An Israeli minister visited the United Arab Emirates for the first time in several years Saturday, but was met by protests and a promise from the Emirate that it was not normalizing ties with Jerusalem.
Energy and Water Minister Silvan Shalom attended a meeting of the International Renewable Energy Agency, headquartered in Abu Dhabi.
It was the first state visit by a high-ranking Israeli official since before the 2010 assassination of Hamas operative Mahmoud al-Mabhouh in a Dubai hotel room, a killing Israel was blamed for.
Israel does not have diplomatic relations with the UAE; it was the first time Israel sent a delegation to the meeting of IRENA, which was founded in 2009.
Delegations from some 150 countries and 120 NGOs attended the meeting, which is slated to launch a plan for increasing sustainability by 2030, according to an IRENA statement.
“Shalom is representing Israel, which is taking part in the meeting like all the other member states of this international agency,” a member of the Israeli delegation told AFP.
However, Israel’s participation in the assembly reportedly raised some hackles.
Kuwait said it would boycott the meeting because of the presence of an Israeli delegation, the Ynet news outlet reported.
Officials in the UAE were quick to dismiss any chance of detente with Israel.
“The UAE has been able, through a delicate balance, to differentiate between Israel’s membership in IRENA and the normalization of bilateral ties which Israel has been seeking,” UAE Minister of State for Foreign Affairs Anwar Mohammad Gargash wrote on Twitter according to a report by Dubai-based Gulf News.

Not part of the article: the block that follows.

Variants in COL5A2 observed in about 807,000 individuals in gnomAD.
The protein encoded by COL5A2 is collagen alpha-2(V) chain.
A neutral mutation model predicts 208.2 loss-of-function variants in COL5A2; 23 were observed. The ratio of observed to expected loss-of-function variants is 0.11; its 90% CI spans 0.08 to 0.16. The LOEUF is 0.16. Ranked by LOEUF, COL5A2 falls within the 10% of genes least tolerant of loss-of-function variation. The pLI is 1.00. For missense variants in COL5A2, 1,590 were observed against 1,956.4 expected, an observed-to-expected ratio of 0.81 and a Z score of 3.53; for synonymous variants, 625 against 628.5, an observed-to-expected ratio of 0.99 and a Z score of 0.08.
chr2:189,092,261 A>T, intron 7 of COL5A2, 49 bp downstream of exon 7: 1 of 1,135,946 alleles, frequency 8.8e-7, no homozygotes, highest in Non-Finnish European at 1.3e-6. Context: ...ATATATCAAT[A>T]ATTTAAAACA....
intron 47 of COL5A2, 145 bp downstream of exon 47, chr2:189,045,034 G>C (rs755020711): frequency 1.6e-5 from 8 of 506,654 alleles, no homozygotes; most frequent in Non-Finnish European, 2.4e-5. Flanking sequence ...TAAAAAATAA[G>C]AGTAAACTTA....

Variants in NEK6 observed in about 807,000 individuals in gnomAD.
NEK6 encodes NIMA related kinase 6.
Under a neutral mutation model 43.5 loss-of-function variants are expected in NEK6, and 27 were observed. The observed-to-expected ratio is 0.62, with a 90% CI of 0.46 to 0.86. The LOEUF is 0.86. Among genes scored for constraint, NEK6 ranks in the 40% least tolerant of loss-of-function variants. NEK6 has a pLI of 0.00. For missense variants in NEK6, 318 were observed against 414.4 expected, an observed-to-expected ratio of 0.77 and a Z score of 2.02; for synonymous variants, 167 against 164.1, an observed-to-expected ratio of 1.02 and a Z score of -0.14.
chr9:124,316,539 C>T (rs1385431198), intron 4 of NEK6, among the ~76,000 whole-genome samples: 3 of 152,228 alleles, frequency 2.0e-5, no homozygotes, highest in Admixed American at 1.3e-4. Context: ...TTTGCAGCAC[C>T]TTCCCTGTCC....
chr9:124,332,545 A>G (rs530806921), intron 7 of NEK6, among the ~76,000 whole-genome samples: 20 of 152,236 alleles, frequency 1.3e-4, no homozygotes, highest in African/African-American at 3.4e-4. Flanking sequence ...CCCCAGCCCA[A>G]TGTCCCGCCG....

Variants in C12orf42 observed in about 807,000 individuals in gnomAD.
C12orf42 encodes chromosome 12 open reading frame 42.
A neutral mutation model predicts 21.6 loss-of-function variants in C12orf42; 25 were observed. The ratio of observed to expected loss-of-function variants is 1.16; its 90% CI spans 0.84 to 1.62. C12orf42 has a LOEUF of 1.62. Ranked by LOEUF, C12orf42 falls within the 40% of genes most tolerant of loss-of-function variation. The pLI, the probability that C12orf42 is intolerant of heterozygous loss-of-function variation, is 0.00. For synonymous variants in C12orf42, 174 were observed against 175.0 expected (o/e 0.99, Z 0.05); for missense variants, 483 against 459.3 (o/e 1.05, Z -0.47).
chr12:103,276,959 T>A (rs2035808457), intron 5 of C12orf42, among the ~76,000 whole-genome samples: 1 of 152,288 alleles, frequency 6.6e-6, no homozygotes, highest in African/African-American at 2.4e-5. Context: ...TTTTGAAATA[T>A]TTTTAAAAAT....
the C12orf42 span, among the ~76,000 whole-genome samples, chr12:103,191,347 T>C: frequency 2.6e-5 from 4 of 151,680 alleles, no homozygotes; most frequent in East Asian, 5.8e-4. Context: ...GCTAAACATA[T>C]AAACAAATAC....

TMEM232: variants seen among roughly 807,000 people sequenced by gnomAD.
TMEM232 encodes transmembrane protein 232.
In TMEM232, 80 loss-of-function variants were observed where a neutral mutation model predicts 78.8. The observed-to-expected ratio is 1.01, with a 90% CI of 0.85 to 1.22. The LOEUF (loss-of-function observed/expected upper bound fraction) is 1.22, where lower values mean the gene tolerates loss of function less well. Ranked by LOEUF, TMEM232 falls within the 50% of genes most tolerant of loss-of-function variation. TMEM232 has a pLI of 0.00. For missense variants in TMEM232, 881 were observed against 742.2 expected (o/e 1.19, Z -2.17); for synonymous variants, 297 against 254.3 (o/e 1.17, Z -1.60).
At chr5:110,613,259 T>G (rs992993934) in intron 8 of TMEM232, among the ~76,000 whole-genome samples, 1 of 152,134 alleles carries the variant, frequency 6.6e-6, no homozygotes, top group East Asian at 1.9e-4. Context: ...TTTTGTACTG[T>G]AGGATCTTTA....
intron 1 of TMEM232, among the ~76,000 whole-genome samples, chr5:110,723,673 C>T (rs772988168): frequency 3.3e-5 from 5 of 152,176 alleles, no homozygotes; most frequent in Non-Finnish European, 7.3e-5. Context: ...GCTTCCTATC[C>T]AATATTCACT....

“The UAE “will not rush into a free normalization with Israel, like some countries did,” he added, according to the report.
Gargash was apparently responding to criticism of Abu Dhabi on social media for allowing Shalom to attend the meeting.
“Most people with malicious intentions do not really care about Israel’s participation in IRENA’s deliberations, but they are motivated by hatred, even if they replace the rhetoric of their attack with another,” he said.
Sources told the outlet that Shalom’s visit was purely to attend the meeting and not to hold bilateral meetings.
Israel has reportedly been seeking to improve ties with Gulf states recently, especially as both share a common interest in thwarting Iran’s nuclear program.
However, the UAE and other Gulf States insist formal ties will only come with adoption of the 2002 Arab Initiative for Israeli Palestinian peace.
A 2009 US diplomatic cable, revealed by Wikileaks in 2010, revealed that Tzipi Livni, then Israel’s foreign minister, enjoyed a good working relationship with her counterpart in the UAE during the Ehud Olmert administration.